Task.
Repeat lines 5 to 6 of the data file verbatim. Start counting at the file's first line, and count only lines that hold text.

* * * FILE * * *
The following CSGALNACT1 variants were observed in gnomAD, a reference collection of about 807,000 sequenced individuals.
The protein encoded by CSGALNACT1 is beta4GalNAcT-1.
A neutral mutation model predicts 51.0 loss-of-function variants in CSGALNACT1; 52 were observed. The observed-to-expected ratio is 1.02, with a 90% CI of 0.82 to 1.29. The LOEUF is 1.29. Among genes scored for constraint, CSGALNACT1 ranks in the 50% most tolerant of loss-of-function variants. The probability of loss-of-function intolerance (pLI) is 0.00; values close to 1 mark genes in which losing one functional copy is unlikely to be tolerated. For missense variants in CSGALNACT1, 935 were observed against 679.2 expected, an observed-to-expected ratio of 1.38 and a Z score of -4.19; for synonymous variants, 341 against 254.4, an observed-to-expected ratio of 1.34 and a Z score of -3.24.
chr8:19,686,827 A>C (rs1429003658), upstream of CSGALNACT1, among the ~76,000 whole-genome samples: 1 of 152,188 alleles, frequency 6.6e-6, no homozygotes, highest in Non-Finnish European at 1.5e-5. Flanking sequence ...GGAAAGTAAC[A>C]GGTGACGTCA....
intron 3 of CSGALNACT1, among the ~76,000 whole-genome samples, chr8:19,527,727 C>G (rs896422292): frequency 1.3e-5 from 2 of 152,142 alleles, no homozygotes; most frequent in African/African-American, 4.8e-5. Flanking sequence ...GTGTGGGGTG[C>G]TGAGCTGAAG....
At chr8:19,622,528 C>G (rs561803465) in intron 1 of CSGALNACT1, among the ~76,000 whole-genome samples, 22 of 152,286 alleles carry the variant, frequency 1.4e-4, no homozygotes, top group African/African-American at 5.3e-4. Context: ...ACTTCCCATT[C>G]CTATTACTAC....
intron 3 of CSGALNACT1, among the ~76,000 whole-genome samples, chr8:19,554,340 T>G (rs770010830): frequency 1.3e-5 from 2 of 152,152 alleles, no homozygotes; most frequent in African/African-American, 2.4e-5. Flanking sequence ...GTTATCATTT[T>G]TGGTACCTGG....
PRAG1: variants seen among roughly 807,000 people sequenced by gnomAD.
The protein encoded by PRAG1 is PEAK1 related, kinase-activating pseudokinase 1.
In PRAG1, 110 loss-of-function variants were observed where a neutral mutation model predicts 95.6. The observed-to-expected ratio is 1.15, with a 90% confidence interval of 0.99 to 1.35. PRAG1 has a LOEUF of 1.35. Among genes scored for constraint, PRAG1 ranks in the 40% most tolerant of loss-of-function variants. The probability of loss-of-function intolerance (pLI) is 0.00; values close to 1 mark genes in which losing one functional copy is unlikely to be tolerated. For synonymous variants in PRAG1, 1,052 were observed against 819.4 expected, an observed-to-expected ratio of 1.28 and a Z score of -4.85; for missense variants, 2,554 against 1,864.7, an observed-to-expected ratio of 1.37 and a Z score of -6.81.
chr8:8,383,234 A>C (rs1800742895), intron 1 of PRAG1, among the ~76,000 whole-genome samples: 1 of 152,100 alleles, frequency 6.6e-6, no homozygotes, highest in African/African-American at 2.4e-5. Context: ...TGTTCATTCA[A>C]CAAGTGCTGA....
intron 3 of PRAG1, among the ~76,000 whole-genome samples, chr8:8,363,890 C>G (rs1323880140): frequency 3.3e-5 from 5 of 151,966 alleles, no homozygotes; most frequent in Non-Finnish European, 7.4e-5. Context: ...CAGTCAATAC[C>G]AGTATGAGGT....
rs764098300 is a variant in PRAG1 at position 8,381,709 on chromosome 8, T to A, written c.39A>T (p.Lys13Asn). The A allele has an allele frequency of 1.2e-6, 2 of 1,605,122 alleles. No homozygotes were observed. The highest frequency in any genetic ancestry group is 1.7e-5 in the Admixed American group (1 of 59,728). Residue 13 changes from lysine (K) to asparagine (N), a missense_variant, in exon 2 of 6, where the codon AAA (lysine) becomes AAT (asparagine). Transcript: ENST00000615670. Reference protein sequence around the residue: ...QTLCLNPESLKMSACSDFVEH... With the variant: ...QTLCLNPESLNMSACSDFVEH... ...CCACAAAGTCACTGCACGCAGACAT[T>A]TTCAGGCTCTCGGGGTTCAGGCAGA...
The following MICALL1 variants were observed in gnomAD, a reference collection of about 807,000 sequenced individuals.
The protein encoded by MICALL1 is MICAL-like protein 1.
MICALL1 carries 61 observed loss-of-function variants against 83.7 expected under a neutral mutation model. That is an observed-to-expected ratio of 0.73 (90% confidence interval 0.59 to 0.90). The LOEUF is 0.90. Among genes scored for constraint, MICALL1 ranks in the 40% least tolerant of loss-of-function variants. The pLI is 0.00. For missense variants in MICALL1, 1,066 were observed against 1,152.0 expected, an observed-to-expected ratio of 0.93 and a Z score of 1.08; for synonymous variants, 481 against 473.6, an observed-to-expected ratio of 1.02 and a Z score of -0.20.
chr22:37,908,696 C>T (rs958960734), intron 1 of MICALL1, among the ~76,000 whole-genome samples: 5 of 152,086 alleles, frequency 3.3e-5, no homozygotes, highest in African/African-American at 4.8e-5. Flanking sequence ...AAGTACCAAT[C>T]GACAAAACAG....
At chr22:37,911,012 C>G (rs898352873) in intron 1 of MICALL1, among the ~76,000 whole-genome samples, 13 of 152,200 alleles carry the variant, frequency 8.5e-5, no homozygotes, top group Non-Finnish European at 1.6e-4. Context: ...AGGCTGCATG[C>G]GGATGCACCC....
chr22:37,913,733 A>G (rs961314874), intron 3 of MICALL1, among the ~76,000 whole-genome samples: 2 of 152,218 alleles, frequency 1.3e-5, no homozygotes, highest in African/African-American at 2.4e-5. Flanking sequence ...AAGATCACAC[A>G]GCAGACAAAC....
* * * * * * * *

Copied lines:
intron 3 of CSGALNACT1, among the ~76,000 whole-genome samples, chr8:19,527,727 C>G (rs896422292): frequency 1.3e-5 from 2 of 152,142 alleles, no homozygotes; most frequent in African/African-American, 4.8e-5. Flanking sequence ...GTGTGGGGTG[C>G]TGAGCTGAAG....
At chr8:19,622,528 C>G (rs561803465) in intron 1 of CSGALNACT1, among the ~76,000 whole-genome samples, 22 of 152,286 alleles carry the variant, frequency 1.4e-4, no homozygotes, top group African/African-American at 5.3e-4. Context: ...ACTTCCCATT[C>G]CTATTACTAC....